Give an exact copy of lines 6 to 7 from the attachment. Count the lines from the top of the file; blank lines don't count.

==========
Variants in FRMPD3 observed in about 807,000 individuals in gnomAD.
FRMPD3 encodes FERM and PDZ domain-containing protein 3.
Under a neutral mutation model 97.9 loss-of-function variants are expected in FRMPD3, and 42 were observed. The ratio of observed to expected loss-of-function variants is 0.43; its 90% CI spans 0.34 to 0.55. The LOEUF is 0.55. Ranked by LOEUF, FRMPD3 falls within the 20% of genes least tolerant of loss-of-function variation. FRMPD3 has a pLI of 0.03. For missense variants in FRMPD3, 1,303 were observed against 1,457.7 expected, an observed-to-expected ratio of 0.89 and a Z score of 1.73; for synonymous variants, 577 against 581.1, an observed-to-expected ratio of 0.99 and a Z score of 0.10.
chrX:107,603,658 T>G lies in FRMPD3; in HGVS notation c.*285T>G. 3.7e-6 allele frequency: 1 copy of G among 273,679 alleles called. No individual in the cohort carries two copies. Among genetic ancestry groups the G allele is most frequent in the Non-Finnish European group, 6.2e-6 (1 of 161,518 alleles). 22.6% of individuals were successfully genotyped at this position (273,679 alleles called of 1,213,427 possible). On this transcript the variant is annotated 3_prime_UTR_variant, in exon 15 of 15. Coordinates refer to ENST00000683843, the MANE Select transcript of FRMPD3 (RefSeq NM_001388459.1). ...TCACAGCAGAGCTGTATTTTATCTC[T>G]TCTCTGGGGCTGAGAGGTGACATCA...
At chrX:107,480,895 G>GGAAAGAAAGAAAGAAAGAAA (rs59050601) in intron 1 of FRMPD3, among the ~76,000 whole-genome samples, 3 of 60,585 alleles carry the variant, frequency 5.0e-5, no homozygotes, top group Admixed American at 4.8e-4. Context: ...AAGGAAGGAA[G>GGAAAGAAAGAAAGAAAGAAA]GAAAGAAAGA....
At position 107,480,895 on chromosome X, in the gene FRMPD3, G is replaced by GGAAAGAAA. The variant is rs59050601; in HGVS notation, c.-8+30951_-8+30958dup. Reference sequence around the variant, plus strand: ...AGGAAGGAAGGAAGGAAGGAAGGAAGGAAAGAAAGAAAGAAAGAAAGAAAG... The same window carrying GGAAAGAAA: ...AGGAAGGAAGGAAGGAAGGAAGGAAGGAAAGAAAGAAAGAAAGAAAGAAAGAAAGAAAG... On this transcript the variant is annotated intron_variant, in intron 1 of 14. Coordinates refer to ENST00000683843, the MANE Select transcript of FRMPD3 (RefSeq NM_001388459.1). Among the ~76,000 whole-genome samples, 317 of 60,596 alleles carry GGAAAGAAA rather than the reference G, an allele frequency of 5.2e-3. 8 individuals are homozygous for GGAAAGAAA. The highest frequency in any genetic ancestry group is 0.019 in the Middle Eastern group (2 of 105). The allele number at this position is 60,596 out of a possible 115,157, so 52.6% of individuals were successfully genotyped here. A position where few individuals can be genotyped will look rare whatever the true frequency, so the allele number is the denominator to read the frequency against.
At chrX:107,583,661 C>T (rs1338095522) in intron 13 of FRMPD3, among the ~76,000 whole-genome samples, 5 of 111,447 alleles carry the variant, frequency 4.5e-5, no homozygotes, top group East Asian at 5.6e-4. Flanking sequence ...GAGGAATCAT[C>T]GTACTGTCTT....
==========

At position 107,480,895 on chromosome X, in the gene FRMPD3, G is replaced by GGAAAGAAA. The variant is rs59050601; in HGVS notation, c.-8+30951_-8+30958dup. Reference sequence around the variant, plus strand: ...AGGAAGGAAGGAAGGAAGGAAGGAAGGAAAGAAAGAAAGAAAGAAAGAAAG... The same window carrying GGAAAGAAA: ...AGGAAGGAAGGAAGGAAGGAAGGAAGGAAAGAAAGAAAGAAAGAAAGAAAGAAAGAAAG... On this transcript the variant is annotated intron_variant, in intron 1 of 14. Coordinates refer to ENST00000683843, the MANE Select transcript of FRMPD3 (RefSeq NM_001388459.1). Among the ~76,000 whole-genome samples, 317 of 60,596 alleles carry GGAAAGAAA rather than the reference G, an allele frequency of 5.2e-3. 8 individuals are homozygous for GGAAAGAAA. The highest frequency in any genetic ancestry group is 0.019 in the Middle Eastern group (2 of 105). The allele number at this position is 60,596 out of a possible 115,157, so 52.6% of individuals were successfully genotyped here. A position where few individuals can be genotyped will look rare whatever the true frequency, so the allele number is the denominator to read the frequency against.
At chrX:107,583,661 C>T (rs1338095522) in intron 13 of FRMPD3, among the ~76,000 whole-genome samples, 5 of 111,447 alleles carry the variant, frequency 4.5e-5, no homozygotes, top group East Asian at 5.6e-4. Flanking sequence ...GAGGAATCAT[C>T]GTACTGTCTT....